Prof Garth L. Nicolson, Marwan Nasralla, PhD, Goerg Haier, MD and Nancy L. Nicholson, PhD.
The Institute for Molecular Medicine,
15162 Triton Lane,
CA 92649, USA
Diagnosis and Treatment of Cell-Invasive Mycoplasmal Infections in GWI, CFS (M.E.), FMS and RA Patients
Patients with chronic illnesses, such as chronic fatigue syndrome (M.E.), fibromyalgia syndrome (FMS), Gulf War illness (GWI) or rheumatoid arthritis (RA), often have overlapping signs and symptoms. We have found that a major source of their morbidity is caused by various chronic viral and bacterial infections. For example, GWI patients slowly present with chronic, complex, multiorgan signs and symptoms, such as polyarthralgia, chronic fatigue, short-term memory loss, sleep difficulties, headaches, intermittent fevers, skin rashes, diarhea, vision problems, nausea, breathing and heart and other problems. Although there is not yet a case definition for GWI, the signs and symptoms loosely fit those found in CFS and FMS1.
Using the techniques of nucleoprotein gene trapping (NGT) that utilises nuclei-isolated nucleoproteins for probing with unique cDNA sequences and forensic polymerase chain reaction-hybridisation (FPCR) ~45% (NGT) and ~55% (FPCR) of 200 GWI patients and their immediate symptomatic family members who have GWI signs and symptoms showed evidence of mycoplasmal infections inside their blood leucocytes, but not in their blood plasma or serum. The most common species found was M. fermentans. In contrast, in nondeployed, healthy adults the incidence of mycoplasma-positive tests were ~6% (4/62).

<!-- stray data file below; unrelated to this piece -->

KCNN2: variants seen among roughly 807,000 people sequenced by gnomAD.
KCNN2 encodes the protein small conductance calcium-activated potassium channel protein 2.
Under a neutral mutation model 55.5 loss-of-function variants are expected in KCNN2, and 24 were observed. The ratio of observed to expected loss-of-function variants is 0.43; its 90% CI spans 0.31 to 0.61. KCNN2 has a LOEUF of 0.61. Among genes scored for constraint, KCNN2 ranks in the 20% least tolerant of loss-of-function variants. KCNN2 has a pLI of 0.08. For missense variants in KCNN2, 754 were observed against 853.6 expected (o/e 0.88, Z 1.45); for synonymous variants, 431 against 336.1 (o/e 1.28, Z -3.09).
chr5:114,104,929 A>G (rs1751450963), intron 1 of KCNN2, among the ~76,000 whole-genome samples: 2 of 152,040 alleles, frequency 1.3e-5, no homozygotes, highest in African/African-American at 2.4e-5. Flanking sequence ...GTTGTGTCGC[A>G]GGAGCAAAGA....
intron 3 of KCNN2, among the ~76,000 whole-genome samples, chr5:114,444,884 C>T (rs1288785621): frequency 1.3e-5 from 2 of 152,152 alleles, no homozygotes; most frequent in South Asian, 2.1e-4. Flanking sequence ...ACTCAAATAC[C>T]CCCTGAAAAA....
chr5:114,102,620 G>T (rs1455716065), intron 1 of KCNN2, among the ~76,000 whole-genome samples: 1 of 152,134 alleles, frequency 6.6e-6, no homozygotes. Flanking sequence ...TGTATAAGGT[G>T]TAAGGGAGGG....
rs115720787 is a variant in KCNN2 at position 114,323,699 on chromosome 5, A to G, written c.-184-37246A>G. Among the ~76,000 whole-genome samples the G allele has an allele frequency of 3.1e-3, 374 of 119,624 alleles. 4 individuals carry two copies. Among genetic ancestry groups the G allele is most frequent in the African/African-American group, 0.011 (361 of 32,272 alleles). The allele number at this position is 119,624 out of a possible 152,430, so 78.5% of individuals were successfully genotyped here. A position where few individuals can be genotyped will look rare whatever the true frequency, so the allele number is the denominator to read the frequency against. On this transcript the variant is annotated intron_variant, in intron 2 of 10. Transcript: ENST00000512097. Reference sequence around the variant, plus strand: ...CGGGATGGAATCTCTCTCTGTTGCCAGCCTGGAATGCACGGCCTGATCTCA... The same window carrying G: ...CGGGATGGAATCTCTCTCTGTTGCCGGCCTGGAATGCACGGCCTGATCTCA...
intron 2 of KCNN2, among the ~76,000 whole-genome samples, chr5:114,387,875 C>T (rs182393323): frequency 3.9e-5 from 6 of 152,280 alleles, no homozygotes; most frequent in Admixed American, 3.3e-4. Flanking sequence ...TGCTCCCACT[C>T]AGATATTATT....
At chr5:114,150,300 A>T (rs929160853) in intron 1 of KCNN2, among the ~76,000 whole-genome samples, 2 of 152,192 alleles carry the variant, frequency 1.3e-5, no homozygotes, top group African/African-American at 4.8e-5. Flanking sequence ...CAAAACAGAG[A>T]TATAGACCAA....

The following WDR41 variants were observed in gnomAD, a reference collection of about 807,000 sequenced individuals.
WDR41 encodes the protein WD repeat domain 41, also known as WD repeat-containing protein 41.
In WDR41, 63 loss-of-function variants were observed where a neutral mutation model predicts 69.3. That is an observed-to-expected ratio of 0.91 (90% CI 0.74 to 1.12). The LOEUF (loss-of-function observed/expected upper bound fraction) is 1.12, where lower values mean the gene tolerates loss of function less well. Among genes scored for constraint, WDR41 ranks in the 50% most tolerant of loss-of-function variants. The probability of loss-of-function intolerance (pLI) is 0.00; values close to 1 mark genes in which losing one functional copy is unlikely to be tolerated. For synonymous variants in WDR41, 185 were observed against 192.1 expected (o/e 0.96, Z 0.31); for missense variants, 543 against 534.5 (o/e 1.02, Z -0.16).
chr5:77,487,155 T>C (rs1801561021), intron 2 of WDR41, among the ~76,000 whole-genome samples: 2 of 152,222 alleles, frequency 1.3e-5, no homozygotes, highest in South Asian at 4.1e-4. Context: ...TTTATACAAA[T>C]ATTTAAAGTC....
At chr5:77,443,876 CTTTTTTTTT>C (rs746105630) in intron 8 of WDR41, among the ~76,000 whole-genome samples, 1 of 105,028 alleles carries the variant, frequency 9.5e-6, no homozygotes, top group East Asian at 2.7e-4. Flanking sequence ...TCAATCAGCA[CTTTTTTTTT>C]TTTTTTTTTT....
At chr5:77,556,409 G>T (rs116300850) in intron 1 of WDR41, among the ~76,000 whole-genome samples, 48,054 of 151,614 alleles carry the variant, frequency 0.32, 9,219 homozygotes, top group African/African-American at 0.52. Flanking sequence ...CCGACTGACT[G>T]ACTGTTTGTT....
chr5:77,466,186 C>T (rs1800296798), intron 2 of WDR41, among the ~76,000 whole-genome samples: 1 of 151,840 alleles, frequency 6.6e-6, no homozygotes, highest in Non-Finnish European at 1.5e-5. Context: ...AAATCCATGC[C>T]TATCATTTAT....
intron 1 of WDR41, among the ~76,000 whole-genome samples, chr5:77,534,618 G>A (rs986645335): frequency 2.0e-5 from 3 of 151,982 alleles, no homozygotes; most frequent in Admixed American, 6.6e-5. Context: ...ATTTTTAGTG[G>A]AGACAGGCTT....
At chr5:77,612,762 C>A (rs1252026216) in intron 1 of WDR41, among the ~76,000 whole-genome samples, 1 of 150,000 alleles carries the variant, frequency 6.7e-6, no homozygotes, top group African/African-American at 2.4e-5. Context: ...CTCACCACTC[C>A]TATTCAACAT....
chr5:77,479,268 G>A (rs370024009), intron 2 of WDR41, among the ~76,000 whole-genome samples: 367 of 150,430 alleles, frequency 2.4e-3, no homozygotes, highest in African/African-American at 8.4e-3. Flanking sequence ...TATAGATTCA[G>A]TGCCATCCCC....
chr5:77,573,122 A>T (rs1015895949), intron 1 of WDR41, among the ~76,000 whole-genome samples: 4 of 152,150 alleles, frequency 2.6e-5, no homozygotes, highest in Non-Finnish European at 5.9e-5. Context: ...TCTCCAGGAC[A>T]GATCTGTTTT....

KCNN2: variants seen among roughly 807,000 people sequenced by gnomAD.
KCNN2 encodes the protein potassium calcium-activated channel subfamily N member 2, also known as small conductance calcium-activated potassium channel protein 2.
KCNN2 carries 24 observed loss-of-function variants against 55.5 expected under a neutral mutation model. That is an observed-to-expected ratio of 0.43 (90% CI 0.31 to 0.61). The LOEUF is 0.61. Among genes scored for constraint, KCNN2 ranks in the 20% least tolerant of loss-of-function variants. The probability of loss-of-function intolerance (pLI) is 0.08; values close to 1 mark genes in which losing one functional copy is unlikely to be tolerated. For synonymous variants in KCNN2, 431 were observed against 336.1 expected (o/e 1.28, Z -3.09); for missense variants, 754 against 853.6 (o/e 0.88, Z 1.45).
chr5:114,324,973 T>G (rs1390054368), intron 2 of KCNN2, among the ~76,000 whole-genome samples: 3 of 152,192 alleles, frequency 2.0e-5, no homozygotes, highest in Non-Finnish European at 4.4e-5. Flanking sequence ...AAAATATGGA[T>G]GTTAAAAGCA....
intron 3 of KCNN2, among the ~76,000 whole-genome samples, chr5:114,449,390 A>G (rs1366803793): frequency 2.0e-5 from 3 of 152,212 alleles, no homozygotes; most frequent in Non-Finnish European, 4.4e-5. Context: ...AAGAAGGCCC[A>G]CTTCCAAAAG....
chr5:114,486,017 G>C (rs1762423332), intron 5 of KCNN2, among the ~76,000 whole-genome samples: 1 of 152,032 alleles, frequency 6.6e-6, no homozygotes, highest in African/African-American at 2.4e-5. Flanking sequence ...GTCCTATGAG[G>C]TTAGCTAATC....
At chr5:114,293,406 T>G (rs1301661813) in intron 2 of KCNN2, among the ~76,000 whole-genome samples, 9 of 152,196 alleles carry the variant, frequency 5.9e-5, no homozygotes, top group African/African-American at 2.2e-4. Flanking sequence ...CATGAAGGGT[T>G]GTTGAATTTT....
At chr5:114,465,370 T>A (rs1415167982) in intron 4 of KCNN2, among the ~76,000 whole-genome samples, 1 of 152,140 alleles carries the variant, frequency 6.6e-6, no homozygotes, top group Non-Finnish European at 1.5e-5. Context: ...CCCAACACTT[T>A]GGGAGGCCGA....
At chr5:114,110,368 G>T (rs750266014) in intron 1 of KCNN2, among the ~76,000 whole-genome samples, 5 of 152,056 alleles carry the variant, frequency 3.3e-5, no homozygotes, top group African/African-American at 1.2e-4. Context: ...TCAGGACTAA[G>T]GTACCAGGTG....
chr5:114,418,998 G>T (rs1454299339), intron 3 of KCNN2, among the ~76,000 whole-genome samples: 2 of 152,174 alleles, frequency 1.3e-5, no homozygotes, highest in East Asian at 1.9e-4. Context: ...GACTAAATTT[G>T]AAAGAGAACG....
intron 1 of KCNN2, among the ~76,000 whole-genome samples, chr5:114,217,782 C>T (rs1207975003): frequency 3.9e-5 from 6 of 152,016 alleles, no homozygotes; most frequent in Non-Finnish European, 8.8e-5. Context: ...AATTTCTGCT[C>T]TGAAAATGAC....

Mycoplasma-positive cases of GWI have been successfully treated with multiple 6-week cycles of antibiotics2,3: doxycycline (200-300 mg/d), ciprofloxacin (1500mg/d), azithromycin (500mg/d) or clarithromycin (800 mg/d) plus nutritional support3. All patients on antibiotic therapy (n=87) relapsed within weeks after the first cycle of therapy, but after up to 6 cycles of therapy 69/87 recovered and 18/87 are still undergoing therapy. GWI patients who recovered from their illness after several (3-7) 6-week cycles of antibiotic therapy were rested for evidence of mycoplasmal infections and were found to have reverted to a mycoplasma-negative phenotype4,5.
The results were compared to 203 patients with CFS or FMS and 100 patients with RA. Using PCR 144/203 CFS/FMS patients were positive for mycoplasmal infections (60%), whereas only 3/32 healthy controls were positive. In mycoplasma-positive CFS/FMS patients we found a variety of mycoplasma species6. RA patients also had high frequencies of mycoplasmal infections (~45%), and these patients also had various species of mycoplasmas in their blood leukocyte fractions7.
We conclude that subsets of GWI, CFS (ME), FMS and RA patients have mycoplasmal and possibly other transmittable chronic bacterial and viral infections, and treatment of these chronic patients with appropriate antibiotics can result in slow recovery from their conditions4-6.
We propose that GWI is to a large degree due to multiple exposures to chemical, radiological and biological agents that cause multifactorial illnesses, some of which are transmittable to immediate family members and involve chronic infections8. Civilians with CFS, FMS or RA also often show the presence of chronic bacterial infections (mycoplasmas and others), and these patients can be successfully treated similar to the GWI patients with long-term antibiotics and nutritional support3.
1. Nicolson, G.L. and Nicolson, N.L. J Occup, Environ Med (1996) 38:14-16
2. Nicolson, G.L. and Nicolson, N.L. JAMA (1995) 273: 618-619
3. Nicolson, G.L. Intern J Med (1998) 1: 115-117 and 123-128
4. Nicolson, G.L. and Nicolson, N.L. J Occup, Med Immunol Tox (1996) 5: 69-78
5. Nicolson, G.L., Nicolson, N.L. and Nasralla, M. Intern J Med (1998) 1: 80-92
6. Nicolson, G.L., Nicolson, G.L., Hier, J. and Nicolson, N.L. Biomed Therapy (1998) 16: 266-271
7. Hier, J., Nasralla, M. and Nicolson, G.L. Brit J Rheumatol (1999): in press
8. Nicolson, G.L. and Nicolson, N.L. Medicine Conflict & Survival (1998) 14: 74-83
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